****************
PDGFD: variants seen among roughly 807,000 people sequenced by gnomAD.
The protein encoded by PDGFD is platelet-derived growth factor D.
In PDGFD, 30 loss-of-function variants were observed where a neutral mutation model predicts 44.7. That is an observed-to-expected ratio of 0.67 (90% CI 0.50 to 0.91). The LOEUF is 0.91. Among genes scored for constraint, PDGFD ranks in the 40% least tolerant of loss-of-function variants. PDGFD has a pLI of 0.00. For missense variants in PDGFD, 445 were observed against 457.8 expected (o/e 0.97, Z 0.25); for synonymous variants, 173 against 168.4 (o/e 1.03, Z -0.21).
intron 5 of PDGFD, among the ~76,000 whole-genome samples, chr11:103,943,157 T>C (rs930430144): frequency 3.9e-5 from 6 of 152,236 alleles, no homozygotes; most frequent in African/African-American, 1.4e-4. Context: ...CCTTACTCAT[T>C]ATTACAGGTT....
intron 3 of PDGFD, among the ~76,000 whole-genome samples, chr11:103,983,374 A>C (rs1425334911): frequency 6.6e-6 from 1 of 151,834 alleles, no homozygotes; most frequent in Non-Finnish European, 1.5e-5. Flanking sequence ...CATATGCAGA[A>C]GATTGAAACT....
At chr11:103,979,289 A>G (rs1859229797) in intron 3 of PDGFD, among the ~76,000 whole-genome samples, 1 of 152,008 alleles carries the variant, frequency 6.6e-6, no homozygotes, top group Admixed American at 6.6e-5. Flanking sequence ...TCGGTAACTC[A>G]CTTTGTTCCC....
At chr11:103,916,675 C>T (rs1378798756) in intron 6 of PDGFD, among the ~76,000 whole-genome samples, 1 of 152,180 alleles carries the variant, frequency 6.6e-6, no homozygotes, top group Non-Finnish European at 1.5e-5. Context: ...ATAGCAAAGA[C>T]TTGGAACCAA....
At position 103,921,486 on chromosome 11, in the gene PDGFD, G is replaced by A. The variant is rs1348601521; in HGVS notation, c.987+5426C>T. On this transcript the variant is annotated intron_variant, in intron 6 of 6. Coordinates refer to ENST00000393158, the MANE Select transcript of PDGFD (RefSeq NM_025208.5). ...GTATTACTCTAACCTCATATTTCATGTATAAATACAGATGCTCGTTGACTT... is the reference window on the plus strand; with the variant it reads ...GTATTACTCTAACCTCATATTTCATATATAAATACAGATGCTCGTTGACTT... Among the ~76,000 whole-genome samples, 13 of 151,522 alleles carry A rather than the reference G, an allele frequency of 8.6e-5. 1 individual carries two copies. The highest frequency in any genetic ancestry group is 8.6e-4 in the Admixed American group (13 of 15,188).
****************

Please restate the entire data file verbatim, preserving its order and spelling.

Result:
PDGFD: variants seen among roughly 807,000 people sequenced by gnomAD.
The protein encoded by PDGFD is platelet-derived growth factor D.
In PDGFD, 30 loss-of-function variants were observed where a neutral mutation model predicts 44.7. That is an observed-to-expected ratio of 0.67 (90% CI 0.50 to 0.91). The LOEUF is 0.91. Among genes scored for constraint, PDGFD ranks in the 40% least tolerant of loss-of-function variants. PDGFD has a pLI of 0.00. For missense variants in PDGFD, 445 were observed against 457.8 expected (o/e 0.97, Z 0.25); for synonymous variants, 173 against 168.4 (o/e 1.03, Z -0.21).
intron 5 of PDGFD, among the ~76,000 whole-genome samples, chr11:103,943,157 T>C (rs930430144): frequency 3.9e-5 from 6 of 152,236 alleles, no homozygotes; most frequent in African/African-American, 1.4e-4. Context: ...CCTTACTCAT[T>C]ATTACAGGTT....
intron 3 of PDGFD, among the ~76,000 whole-genome samples, chr11:103,983,374 A>C (rs1425334911): frequency 6.6e-6 from 1 of 151,834 alleles, no homozygotes; most frequent in Non-Finnish European, 1.5e-5. Flanking sequence ...CATATGCAGA[A>C]GATTGAAACT....
At chr11:103,979,289 A>G (rs1859229797) in intron 3 of PDGFD, among the ~76,000 whole-genome samples, 1 of 152,008 alleles carries the variant, frequency 6.6e-6, no homozygotes, top group Admixed American at 6.6e-5. Flanking sequence ...TCGGTAACTC[A>G]CTTTGTTCCC....
At chr11:103,916,675 C>T (rs1378798756) in intron 6 of PDGFD, among the ~76,000 whole-genome samples, 1 of 152,180 alleles carries the variant, frequency 6.6e-6, no homozygotes, top group Non-Finnish European at 1.5e-5. Context: ...ATAGCAAAGA[C>T]TTGGAACCAA....
At position 103,921,486 on chromosome 11, in the gene PDGFD, G is replaced by A. The variant is rs1348601521; in HGVS notation, c.987+5426C>T. On this transcript the variant is annotated intron_variant, in intron 6 of 6. Coordinates refer to ENST00000393158, the MANE Select transcript of PDGFD (RefSeq NM_025208.5). ...GTATTACTCTAACCTCATATTTCATGTATAAATACAGATGCTCGTTGACTT... is the reference window on the plus strand; with the variant it reads ...GTATTACTCTAACCTCATATTTCATATATAAATACAGATGCTCGTTGACTT... Among the ~76,000 whole-genome samples, 13 of 151,522 alleles carry A rather than the reference G, an allele frequency of 8.6e-5. 1 individual carries two copies. The highest frequency in any genetic ancestry group is 8.6e-4 in the Admixed American group (13 of 15,188).